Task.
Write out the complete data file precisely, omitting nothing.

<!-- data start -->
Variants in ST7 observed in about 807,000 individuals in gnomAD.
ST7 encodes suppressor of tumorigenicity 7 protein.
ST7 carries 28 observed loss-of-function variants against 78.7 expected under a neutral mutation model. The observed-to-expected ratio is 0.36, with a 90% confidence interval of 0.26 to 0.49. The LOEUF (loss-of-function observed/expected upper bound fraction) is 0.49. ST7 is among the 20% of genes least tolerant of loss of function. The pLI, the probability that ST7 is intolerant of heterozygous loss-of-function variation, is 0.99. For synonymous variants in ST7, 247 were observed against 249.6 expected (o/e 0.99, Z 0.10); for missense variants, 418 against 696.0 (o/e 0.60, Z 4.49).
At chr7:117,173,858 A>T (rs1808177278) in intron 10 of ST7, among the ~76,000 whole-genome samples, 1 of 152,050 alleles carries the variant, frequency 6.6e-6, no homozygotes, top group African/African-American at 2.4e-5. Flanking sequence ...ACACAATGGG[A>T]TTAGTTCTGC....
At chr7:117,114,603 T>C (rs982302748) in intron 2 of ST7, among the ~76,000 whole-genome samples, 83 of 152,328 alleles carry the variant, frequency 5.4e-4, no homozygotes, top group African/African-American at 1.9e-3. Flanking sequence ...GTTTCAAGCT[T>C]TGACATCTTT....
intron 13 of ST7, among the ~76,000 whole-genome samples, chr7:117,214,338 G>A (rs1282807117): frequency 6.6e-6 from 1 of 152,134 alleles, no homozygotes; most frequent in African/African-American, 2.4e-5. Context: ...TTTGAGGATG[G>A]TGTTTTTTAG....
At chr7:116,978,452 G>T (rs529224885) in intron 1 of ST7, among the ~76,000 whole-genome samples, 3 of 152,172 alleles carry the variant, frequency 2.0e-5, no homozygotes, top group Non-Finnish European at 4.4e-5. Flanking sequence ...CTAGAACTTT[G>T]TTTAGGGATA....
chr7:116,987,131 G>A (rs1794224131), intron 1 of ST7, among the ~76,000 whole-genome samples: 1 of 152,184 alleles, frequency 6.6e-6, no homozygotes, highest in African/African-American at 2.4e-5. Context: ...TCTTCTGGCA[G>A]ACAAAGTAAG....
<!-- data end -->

Variants in ST7 observed in about 807,000 individuals in gnomAD.
ST7 encodes suppressor of tumorigenicity 7 protein.
ST7 carries 28 observed loss-of-function variants against 78.7 expected under a neutral mutation model. The observed-to-expected ratio is 0.36, with a 90% confidence interval of 0.26 to 0.49. The LOEUF (loss-of-function observed/expected upper bound fraction) is 0.49. ST7 is among the 20% of genes least tolerant of loss of function. The pLI, the probability that ST7 is intolerant of heterozygous loss-of-function variation, is 0.99. For synonymous variants in ST7, 247 were observed against 249.6 expected (o/e 0.99, Z 0.10); for missense variants, 418 against 696.0 (o/e 0.60, Z 4.49).
At chr7:117,173,858 A>T (rs1808177278) in intron 10 of ST7, among the ~76,000 whole-genome samples, 1 of 152,050 alleles carries the variant, frequency 6.6e-6, no homozygotes, top group African/African-American at 2.4e-5. Flanking sequence ...ACACAATGGG[A>T]TTAGTTCTGC....
At chr7:117,114,603 T>C (rs982302748) in intron 2 of ST7, among the ~76,000 whole-genome samples, 83 of 152,328 alleles carry the variant, frequency 5.4e-4, no homozygotes, top group African/African-American at 1.9e-3. Flanking sequence ...GTTTCAAGCT[T>C]TGACATCTTT....
intron 13 of ST7, among the ~76,000 whole-genome samples, chr7:117,214,338 G>A (rs1282807117): frequency 6.6e-6 from 1 of 152,134 alleles, no homozygotes; most frequent in African/African-American, 2.4e-5. Context: ...TTTGAGGATG[G>A]TGTTTTTTAG....
At chr7:116,978,452 G>T (rs529224885) in intron 1 of ST7, among the ~76,000 whole-genome samples, 3 of 152,172 alleles carry the variant, frequency 2.0e-5, no homozygotes, top group Non-Finnish European at 4.4e-5. Flanking sequence ...CTAGAACTTT[G>T]TTTAGGGATA....
chr7:116,987,131 G>A (rs1794224131), intron 1 of ST7, among the ~76,000 whole-genome samples: 1 of 152,184 alleles, frequency 6.6e-6, no homozygotes, highest in African/African-American at 2.4e-5. Context: ...TCTTCTGGCA[G>A]ACAAAGTAAG....